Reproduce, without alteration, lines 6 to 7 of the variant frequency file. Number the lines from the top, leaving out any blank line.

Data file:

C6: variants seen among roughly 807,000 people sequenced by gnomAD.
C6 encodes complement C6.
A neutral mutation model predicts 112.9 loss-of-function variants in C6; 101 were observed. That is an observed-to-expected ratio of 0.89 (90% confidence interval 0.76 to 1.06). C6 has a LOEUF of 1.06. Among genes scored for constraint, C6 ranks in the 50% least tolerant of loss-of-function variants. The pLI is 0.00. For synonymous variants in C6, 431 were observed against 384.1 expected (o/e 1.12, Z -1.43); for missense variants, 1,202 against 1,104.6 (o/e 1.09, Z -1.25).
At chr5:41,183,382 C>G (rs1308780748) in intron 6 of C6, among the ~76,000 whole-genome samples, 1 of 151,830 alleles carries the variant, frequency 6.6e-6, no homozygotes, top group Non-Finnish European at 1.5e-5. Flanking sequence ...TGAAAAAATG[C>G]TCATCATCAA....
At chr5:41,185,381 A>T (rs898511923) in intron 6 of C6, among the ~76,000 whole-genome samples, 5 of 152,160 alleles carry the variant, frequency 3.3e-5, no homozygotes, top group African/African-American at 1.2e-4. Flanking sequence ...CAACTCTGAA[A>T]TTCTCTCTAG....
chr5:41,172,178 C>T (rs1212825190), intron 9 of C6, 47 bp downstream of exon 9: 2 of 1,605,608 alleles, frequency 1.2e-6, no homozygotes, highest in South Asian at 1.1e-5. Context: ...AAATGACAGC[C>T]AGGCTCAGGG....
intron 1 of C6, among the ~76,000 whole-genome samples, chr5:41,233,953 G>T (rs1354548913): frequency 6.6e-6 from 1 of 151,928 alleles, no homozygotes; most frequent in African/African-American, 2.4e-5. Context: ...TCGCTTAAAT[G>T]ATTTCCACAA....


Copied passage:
chr5:41,172,178 C>T (rs1212825190), intron 9 of C6, 47 bp downstream of exon 9: 2 of 1,605,608 alleles, frequency 1.2e-6, no homozygotes, highest in South Asian at 1.1e-5. Context: ...AAATGACAGC[C>T]AGGCTCAGGG....
intron 1 of C6, among the ~76,000 whole-genome samples, chr5:41,233,953 G>T (rs1354548913): frequency 6.6e-6 from 1 of 151,928 alleles, no homozygotes; most frequent in African/African-American, 2.4e-5. Context: ...TCGCTTAAAT[G>T]ATTTCCACAA....